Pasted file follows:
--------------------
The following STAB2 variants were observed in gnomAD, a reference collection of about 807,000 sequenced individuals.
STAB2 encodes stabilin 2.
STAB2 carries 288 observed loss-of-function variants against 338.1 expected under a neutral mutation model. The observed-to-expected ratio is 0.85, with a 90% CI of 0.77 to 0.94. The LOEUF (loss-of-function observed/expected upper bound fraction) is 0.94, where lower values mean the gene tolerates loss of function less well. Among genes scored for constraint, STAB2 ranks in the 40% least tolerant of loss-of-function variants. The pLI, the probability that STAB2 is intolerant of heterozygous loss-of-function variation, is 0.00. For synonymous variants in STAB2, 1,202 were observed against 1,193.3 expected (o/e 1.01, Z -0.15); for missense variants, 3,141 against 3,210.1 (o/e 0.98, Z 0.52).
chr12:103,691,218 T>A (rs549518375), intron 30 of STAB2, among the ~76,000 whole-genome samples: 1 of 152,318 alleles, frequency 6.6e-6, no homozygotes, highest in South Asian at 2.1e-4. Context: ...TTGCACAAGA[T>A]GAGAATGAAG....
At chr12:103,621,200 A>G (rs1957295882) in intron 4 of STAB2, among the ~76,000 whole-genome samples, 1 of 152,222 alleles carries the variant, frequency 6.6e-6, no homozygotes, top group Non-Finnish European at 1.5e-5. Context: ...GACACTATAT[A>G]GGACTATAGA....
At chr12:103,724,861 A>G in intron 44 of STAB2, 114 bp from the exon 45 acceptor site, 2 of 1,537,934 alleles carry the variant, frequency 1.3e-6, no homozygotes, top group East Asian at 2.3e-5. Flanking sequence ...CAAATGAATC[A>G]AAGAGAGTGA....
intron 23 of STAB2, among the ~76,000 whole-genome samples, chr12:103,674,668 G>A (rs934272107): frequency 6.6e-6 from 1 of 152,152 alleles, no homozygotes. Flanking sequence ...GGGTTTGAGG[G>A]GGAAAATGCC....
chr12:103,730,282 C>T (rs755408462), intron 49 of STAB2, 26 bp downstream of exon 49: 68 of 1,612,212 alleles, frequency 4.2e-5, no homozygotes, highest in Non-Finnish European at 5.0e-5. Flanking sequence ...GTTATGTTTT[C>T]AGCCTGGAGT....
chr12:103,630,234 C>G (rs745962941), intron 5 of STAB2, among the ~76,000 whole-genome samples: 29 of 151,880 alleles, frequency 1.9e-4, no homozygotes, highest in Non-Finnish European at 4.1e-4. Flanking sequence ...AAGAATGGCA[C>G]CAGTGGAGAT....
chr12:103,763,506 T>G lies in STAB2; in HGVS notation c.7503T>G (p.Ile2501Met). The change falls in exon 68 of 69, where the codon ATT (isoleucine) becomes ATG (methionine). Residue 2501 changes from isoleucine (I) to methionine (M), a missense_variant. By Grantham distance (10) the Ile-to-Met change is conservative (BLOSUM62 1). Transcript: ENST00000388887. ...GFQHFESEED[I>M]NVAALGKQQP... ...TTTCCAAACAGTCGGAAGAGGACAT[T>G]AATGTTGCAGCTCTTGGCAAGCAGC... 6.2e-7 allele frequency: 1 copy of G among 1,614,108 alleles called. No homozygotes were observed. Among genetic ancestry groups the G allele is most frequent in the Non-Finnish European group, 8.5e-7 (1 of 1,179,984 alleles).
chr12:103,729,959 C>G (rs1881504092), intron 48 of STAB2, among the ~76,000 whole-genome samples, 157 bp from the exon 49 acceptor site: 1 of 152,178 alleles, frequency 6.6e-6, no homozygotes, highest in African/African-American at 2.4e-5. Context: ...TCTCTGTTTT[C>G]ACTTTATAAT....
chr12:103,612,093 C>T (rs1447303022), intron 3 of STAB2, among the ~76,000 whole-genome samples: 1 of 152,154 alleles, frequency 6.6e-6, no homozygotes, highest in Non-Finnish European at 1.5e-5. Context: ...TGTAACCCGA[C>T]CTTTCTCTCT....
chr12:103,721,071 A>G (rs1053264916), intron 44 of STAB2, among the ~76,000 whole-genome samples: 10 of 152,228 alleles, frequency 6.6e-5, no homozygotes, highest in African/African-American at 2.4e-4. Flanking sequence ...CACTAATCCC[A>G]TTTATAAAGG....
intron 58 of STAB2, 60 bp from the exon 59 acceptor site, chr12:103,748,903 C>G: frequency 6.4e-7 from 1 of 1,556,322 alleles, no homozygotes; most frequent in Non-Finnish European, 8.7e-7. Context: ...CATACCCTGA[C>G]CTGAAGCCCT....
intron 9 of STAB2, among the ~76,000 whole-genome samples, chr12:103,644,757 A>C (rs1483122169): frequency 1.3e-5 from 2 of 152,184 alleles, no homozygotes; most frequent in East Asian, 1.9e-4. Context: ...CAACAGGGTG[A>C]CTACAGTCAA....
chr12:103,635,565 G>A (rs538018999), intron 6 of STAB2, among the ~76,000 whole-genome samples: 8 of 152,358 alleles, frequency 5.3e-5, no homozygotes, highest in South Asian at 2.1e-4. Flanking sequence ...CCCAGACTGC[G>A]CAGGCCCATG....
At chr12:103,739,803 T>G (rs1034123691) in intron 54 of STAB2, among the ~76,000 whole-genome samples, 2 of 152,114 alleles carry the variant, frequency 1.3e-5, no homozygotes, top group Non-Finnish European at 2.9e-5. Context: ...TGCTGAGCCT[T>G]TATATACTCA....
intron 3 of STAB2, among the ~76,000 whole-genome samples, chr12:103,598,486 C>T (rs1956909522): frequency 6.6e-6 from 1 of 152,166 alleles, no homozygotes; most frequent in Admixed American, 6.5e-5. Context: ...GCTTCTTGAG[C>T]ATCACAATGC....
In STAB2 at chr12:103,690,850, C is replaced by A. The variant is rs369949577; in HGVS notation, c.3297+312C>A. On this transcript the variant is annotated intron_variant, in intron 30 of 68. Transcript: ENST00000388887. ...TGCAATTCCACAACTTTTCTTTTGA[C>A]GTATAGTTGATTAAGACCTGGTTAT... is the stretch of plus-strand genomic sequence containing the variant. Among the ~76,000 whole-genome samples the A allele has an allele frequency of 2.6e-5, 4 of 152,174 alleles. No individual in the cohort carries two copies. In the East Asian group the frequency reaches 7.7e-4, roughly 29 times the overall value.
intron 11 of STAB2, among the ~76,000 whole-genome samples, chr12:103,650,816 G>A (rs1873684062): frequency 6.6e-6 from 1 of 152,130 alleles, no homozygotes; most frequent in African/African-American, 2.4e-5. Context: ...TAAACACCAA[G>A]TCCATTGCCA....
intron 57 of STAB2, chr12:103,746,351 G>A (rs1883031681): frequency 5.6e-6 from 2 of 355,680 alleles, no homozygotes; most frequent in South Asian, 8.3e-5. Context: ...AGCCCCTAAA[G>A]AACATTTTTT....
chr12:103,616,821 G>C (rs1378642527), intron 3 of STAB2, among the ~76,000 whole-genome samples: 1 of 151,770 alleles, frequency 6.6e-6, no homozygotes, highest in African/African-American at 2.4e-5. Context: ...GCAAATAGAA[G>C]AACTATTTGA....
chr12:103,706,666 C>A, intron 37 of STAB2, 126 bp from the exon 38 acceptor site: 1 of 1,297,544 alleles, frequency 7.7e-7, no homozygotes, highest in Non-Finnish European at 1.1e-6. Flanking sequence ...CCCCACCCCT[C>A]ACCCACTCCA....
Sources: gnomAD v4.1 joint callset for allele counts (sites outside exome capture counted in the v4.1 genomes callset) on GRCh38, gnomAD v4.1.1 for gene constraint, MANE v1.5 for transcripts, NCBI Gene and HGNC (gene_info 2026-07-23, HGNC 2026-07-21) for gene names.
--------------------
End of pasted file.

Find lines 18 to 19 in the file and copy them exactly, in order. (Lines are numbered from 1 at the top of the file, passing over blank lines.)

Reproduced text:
intron 3 of STAB2, among the ~76,000 whole-genome samples, chr12:103,598,486 C>T (rs1956909522): frequency 6.6e-6 from 1 of 152,166 alleles, no homozygotes; most frequent in Admixed American, 6.5e-5. Context: ...GCTTCTTGAG[C>T]ATCACAATGC....
In STAB2 at chr12:103,690,850, C is replaced by A. The variant is rs369949577; in HGVS notation, c.3297+312C>A. On this transcript the variant is annotated intron_variant, in intron 30 of 68. Transcript: ENST00000388887. ...TGCAATTCCACAACTTTTCTTTTGA[C>A]GTATAGTTGATTAAGACCTGGTTAT... is the stretch of plus-strand genomic sequence containing the variant. Among the ~76,000 whole-genome samples the A allele has an allele frequency of 2.6e-5, 4 of 152,174 alleles. No individual in the cohort carries two copies. In the East Asian group the frequency reaches 7.7e-4, roughly 29 times the overall value.